Rice in West Africa
Revolutionary change in the preferences of West African consumers has created a wide and growing imbalance between regional rice supply and demand. Since 1973, regional demand has grown at 6.0% annually, driven by a combination of population growth (2.9% growth rate) and substitution away from the region’s traditional coarse grains. The consumption of traditional cereals, mainly sorghum and millet, has fallen by 12 kg per capita, and their share in cereals used as food from 62% in the early 1970s to 50% in the early 1990s.
In contrast, the share of rice in cereals consumed grew from 15% to 25% over the same period, and from 12% to 18% in calorie terms from the 1960s to the end of the 1990s. Much of this dramatic shift occurred in the late 1970s and 1980s. Per capita rice consumption has been increasing at more than 3% annually since the late 1990s. Accounting for population growth, this suggests that total rice consumption increased at nearly 6% per year during 2006-10.
The most important factor contributing to the shift in consumer preferences away from traditional staples and toward rice is rapid urbanization and associated changes in family occupational structure. As women enter the work force, the opportunity cost of their time increases and convenience foods such as rice, which can be prepared more quickly, rise in importance. Similarly, as men work at greater distances from their homes in the urban setting, a greater proportion of meals is consumed from the market, where the ease of rice preparation has given it a distinct advantage.
These trends have meant that rice is no longer a luxury food, but has become a major source of calories for the urban poor. Urban consumption surveys in Burkina Faso, for example, have found that the poorest third of urban households obtains 33% of its cereal-based calories from rice. For that same group, rice purchases represent 45% of its cash expenditures on cereals, a share that is substantially higher than for other income classes. Similar findings have been obtained in several other West African nations, demonstrating that rice availability and rice prices have become a major determinant of the welfare of the poorest segments of West African consumers who are the least food-secure.
Production and imports
In comparison with the rapid growth in demand, regional rice production rose at 4.6% annually from 1973 to 2000. Although this rate was high vis-à-vis the performance of other major crops, it meant that regional rice production only barely exceeded population growth, and was meeting only two-thirds of the increments in demand. The source of the increases in rice production carries the important danger signal that such growth is not likely to be sustainable. Regional rice yields, which average slightly over 40% of the world mean, have risen at only 1.5% per year since 1983, at 2% per year since 2001, and at 5.2% since 2007. The major source of growth has been the expansion of cultivated area, which has grown at a remarkable 3.6% annually from 1973 to 2000.
The widening gap between regional supply and demand has been met by imports. The rapid increase in demand and much slower growth in production from 1973 to 1983 contributed to a dramatic jump in imports, which rose at more than 20% annually from 0.6 million t in the early 1970s to 2.2 million t a decade later. Since 1983, growth in imports has decelerated as domestic production has improved, leading to a much more modest 2.5% annual increase in imports, which averaged 2.8 million t in the early 1990s. Imports reached more than 3 million t in 1999, costing more than $800 million in scarce foreign exchange. Imports of this magnitude represent a major brake on broader development efforts.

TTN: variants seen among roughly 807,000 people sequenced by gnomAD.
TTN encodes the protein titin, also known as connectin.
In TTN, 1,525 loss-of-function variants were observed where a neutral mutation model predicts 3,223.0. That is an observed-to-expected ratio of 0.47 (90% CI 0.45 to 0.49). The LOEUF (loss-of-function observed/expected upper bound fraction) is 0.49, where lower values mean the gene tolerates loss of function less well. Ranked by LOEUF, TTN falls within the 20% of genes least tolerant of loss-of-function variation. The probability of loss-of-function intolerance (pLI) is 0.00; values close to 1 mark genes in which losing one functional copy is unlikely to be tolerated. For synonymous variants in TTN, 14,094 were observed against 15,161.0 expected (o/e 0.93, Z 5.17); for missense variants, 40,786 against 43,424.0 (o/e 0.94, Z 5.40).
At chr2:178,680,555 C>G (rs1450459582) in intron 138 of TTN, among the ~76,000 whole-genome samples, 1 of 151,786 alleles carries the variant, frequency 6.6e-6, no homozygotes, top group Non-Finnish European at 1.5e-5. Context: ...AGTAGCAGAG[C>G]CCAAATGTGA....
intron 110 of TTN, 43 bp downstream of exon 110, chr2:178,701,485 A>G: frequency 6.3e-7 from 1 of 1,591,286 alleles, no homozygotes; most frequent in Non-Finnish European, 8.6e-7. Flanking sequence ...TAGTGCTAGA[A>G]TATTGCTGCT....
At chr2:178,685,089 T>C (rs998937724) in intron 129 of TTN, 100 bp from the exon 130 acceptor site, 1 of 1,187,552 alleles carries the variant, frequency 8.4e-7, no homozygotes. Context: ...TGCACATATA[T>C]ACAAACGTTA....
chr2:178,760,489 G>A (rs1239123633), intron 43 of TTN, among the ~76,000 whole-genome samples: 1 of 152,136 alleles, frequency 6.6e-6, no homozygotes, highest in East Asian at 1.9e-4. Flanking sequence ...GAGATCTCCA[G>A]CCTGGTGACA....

Rice economy liberalization and privatization
The acceleration in per capita rice consumption since the mid-1990s is due to the liberalization of rice imports combined with a downward trend of the price on the world market. Rice trade liberalization has also opened the door to the importation of low-quality rice that can be purchased by the poorest groups.
The privatization of the government-managed rice commodity chain has also allowed the emergence and fast growth of small-scale processing units in place of parastatal industrial mills. This has resulted in decreasing rice processing costs, thus improving the overall competitiveness of local rice vis-à-vis imported rice. But, this change has also led to a degradation of average local rice quality, which is becoming quite variable. Consumers used to favor lower-quality imported rice, because it is cleaner and more homogeneous, thus requiring less time for preparation. The future of the West African rice economy depends highly on improving local rice processing to meet the demand for consistent quality.Although production efficiency is improving in irrigated areas where local farmers’ organizations have taken over previously public institutions, the disruption of input supply and the unfinished reform of rural financial systems have resulted in a stagnation of yield in other areas. Most of the increase in irrigated rice production will rely on improved resource-use efficiency and rehabilitation of existing irrigation schemes. In the short term, the largest share of production will be in rainfed rice-based systems, which require laborsaving technologies. For the mid term, intensification in rainfed lowlands through the adoption of appropriate water management technologies offers a large and sustainable potential to increase rice production.
Rice as women’s crop
In many areas of West Africa, rice is produced primarily by women farmers, thus representing an important share of their income. Women’s income tends to benefit children and other vulnerable groups more than does the income of men. Despite this fact, past efforts to develop and transfer new rice technologies have most often bypassed women farmers. Thus, although rice research can be particularly effective in improving the welfare of rural groups at risk, it needs to be explicitly structured and focused to deal with complex gender issues.
Rice, environmental degradation, and sustainable intensification